"For the last three years it has been my firm, unwavering belief that the Stadium can truly become a multi-use destination of which East London and the nation as a whole can be proud," said Karren Brady, West Ham's vice-chairman, who has led the negotiations with the LLDC.
"I have never lost sight of our vision to play our part, along with the Stadium's major stakeholders, in ensuring it grows into a global asset.
"It is the 'jewel in the crown' of the Park, watched by the world.
"Our vision for the Stadium has always been about standing up for the promises made for London back in Singapore in 2005 [where the 2012 Olympics and Paralympics were awarded].
"We are committed to delivering our promises as set out in our bid."
Having a back-up plan would appear to be as much a bargaining chip by the Legacy Company to ensure that they get the best financial deal out of West Ham.
"My position on the future of the Stadium remains what it has always been: that we can secure a terrific future for this much loved and iconic venue with or without a football team playing there," said Johnson.
"I hope the detailed negotiations with West Ham can succeed, but I am determined that any deal should protect the interests of taxpayers who have paid for the Stadium and would have to pay more for adaptations to make it suitable for football."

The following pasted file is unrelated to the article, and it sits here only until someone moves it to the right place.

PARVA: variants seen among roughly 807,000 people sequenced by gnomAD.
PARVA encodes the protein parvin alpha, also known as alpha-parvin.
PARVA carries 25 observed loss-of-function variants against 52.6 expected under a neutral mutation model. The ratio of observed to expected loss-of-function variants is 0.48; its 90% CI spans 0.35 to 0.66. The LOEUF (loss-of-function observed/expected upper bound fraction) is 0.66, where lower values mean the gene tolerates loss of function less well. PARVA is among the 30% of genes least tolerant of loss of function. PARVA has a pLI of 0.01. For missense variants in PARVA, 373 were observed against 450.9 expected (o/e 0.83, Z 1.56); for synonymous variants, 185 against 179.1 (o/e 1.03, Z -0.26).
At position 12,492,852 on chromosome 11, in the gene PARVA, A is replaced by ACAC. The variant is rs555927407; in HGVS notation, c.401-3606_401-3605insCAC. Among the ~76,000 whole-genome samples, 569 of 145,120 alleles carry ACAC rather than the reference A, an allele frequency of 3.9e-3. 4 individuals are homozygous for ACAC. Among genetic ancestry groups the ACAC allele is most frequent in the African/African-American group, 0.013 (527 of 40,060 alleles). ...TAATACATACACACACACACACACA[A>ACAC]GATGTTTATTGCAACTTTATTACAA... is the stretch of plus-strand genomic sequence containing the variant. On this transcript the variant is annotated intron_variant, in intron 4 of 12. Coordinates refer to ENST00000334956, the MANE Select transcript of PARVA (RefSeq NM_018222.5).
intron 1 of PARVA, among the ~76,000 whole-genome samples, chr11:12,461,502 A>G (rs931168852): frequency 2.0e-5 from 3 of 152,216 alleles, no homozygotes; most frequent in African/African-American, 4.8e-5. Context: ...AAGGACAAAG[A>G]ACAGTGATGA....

In the meantime, the Legacy Corporation has already started the process to procure a Stadium operator to manage the venue, coordinate community and sporting use, and to bring in various concerts and events, whichever option is eventually pursued.
It hoping too use the Stadium for concerts next year before the reconstruction begins.
It follows criticism when it was revealed that the Stadium may not reopen until after the start of the next Summer Olympics in Rio de Janeiro in 2016.
West Ham be hoping there is no repeat of the problems that led to their initial successful bid last year being scrapped following the threat of a legal challenge from Tottenham Hotspur and Leyton Orient.
But, even once a deal is agreed, West Ham are not set to move there from their current ground at Upton Park until the start of the 2016-2017 season, although they are optimistic they could be in the season before.
"The hard work really does start here and work is already well underway to ensure that we really bring our community, which includes 500,000 supporters in East London and Essex alone, with us," said Brady.
"We are already working with key strategic partners to ensure that unemployed East Londoners in key target groups will have access to sustainable employment in the Olympic Park via the 700-plus job opportunities that West Ham's tenancy will create.
"We guarantee millions of visitors and customers, which will galvanise the Park and act as the catalyst to spark a thriving economy in this part of East London.
"In selecting West Ham United, the LLDC have secured a long-term viable financial future for the Park."